Retaining talented staff members is more than difficult in a competitive job market. This is where Kim Keating, CEO and founder of Keating Advisors, steps in. She specializes in working with business leaders to coordinate their strategy, organization design, and compensation practices. A strategic human resource consulting firm, Keating Advisors develops develops forward-thinking talent management strategies as well as reward systems for their clients, among other services.
Keating tells TNJ.com how she started and built her successful firm.
TNJ.com: You have been in business since 2003, what has been your biggest business lesson?
Kim Keating: The biggest lesson I have learned is that relationships and reputation are the most important factors in success. My business has grown entirely through word-of-mouth. Cultivating relationships and establishing long-term partnerships is something I constantly focus on. It is easy to put networking on the back burner, especially when you get busy. But continually expanding your network is mission critical.
TNJ.com: What have been some challenges in growing your brand and how did you overcome them?
KK: My consulting practice experienced a significant drop in revenue in 2007-2008, when the economy took a hit. I took this time to strengthen our brand by focusing on creating intellectual property for the firm. We revamped our website, developed white papers, and launched a new labor market email campaign.
TNJ.com: You were a contributing author to the book, “Lean In for Graduates.” Why do you feel “Lean In” is a good move for executive women?
KK: “Lean In” offers a blueprint for change for women to learn to lean into their ambitions. For a host of reasons, women often hold themselves back by literally not sitting at the table where decisions are made. Instead, they choose to watch from the sidelines. “Lean In” urges institutions and individuals to encourage and promote women. And it encourages women to sit at the table and raise their hands.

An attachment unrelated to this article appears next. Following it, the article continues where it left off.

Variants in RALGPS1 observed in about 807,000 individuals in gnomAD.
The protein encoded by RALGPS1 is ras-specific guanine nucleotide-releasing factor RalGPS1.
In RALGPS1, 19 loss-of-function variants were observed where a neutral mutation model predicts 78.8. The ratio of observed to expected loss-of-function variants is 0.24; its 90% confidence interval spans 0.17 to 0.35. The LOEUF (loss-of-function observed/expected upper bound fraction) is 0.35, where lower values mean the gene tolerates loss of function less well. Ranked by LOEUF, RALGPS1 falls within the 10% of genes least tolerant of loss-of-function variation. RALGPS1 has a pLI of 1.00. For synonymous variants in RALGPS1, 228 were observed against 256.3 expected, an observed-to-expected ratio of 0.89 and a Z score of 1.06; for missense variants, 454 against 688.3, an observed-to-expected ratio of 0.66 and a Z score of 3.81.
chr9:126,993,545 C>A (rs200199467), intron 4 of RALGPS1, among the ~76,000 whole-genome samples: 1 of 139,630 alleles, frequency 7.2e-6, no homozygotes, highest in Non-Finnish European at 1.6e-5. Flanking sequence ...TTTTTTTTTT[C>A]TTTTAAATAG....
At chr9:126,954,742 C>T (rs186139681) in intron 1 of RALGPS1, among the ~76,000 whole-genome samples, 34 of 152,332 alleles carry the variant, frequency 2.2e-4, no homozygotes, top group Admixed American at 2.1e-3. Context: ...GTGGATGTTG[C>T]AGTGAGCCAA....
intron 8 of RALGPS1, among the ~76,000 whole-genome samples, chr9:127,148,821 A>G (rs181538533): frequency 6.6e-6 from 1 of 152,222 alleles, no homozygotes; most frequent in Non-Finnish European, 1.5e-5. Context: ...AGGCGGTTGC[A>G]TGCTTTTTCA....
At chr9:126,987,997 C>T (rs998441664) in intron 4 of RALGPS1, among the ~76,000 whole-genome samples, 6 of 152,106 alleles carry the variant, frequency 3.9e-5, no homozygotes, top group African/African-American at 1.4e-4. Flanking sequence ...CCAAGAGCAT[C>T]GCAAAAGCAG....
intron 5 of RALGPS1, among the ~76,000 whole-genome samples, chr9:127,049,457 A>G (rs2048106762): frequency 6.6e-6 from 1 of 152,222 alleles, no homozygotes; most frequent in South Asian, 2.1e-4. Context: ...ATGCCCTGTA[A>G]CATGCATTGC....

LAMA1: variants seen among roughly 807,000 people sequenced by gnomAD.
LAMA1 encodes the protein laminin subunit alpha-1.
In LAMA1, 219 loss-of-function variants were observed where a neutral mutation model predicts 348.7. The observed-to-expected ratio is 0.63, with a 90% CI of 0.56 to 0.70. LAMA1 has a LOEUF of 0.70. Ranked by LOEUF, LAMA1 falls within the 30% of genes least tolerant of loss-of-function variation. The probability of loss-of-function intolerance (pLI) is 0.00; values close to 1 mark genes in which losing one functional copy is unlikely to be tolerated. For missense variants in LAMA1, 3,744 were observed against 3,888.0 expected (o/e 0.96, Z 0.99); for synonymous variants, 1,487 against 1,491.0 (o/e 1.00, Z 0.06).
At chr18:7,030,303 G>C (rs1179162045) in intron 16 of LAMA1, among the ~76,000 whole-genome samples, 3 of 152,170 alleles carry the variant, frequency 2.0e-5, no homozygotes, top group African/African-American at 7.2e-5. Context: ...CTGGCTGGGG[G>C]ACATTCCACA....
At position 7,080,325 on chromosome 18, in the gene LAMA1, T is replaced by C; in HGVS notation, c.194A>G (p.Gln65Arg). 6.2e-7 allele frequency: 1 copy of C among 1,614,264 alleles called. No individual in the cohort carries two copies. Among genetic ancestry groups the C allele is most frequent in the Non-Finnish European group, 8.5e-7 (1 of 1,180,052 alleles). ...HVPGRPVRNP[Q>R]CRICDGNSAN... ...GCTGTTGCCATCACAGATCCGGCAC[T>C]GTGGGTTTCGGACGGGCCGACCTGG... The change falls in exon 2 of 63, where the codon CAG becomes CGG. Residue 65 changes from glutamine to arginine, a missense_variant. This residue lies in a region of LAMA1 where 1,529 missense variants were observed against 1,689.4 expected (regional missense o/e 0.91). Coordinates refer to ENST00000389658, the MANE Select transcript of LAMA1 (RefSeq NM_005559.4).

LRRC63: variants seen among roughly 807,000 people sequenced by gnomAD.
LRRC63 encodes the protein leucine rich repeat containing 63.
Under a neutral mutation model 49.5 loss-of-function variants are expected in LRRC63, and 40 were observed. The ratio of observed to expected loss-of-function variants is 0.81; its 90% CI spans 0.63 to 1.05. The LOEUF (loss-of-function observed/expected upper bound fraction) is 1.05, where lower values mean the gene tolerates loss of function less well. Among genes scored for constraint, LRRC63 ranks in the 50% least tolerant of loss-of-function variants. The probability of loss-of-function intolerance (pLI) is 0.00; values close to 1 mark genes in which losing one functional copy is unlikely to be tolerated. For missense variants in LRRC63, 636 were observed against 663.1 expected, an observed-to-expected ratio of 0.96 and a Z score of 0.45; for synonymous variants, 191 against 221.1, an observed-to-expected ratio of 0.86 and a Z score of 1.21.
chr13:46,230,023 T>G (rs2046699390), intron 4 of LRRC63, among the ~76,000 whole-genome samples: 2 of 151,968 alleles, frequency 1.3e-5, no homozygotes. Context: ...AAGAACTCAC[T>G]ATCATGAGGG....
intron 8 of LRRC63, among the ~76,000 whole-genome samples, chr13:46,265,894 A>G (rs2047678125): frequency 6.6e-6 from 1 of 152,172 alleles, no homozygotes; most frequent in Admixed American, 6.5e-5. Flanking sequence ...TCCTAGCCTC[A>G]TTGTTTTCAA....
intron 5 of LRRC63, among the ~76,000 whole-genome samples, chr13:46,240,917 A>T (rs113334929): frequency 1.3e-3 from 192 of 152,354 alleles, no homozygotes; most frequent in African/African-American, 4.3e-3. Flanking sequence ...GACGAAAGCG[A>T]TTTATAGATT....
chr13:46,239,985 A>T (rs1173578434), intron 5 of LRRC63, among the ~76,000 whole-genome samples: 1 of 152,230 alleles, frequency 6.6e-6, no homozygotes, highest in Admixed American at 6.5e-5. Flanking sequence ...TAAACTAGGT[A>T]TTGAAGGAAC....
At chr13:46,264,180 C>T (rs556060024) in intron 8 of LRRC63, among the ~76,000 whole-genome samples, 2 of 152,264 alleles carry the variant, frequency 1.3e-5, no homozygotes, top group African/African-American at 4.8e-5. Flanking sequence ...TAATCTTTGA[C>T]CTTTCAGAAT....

TNJ.com: What are the top obstacles women still face in the corporate world?
KK: “Lean In” and McKinsey & Co. just published a study that addresses this very issue. Key obstacles women face, according to the study include:
1) Women experience an uneven playing ground. Women are almost four times more likely than men to think they have fewer opportunities to advance because of their gender‹and they are twice as likely to think their gender will make it harder for them to advance in the future.
2) Gender diversity is not a priority. Seventy-four percent of companies report that their CEOs are highly committed to gender diversity. However, less than half of employees believe that gender diversity is a top priority for their CEO, and only a third view it as a top priority for their direct manager.
3)There is still inequality at home. Even in households where both partners work full-time, 41 percent of women report doing more child care and 30 percent report doing more chores. Women continue to do a disproportionate share of childcare and housework, so they are more likely to be affected by the challenges of juggling home and work responsibilities.
TNJ.com: What do you enjoy most about what you do?
KK: I love the intellectual stimulation and creative aspect of consulting. Every client is a little different and requires me to think of creative solutions. No day is the same. It is tremendously gratifying to speak with audiences on negotiation and empower people, especially people of color, on how to negotiate their worth.
TNJ.com: What are the top three mistakes people make in salary negotiation?
KK: Overwhelmingly, the top three mistakes made in negotiations are:
1) Showing up unprepared. Always gather up-to-date comparable salary data before entering into a salary negotiation.
2) Accepting the first offer. Never accept the first offer, even if it is more than what you had hoped for. Negotiating shows the employer that you are willing to advocate for yourself and will be willing to advocate for them, too.
3) Focusing on only salary. Sometimes there is more flexibility in negotiating benefits. Be aware of the total compensation package and identify benefits that would be of value to you (e.g., telecommuting, tuition reimbursement, additional vacations).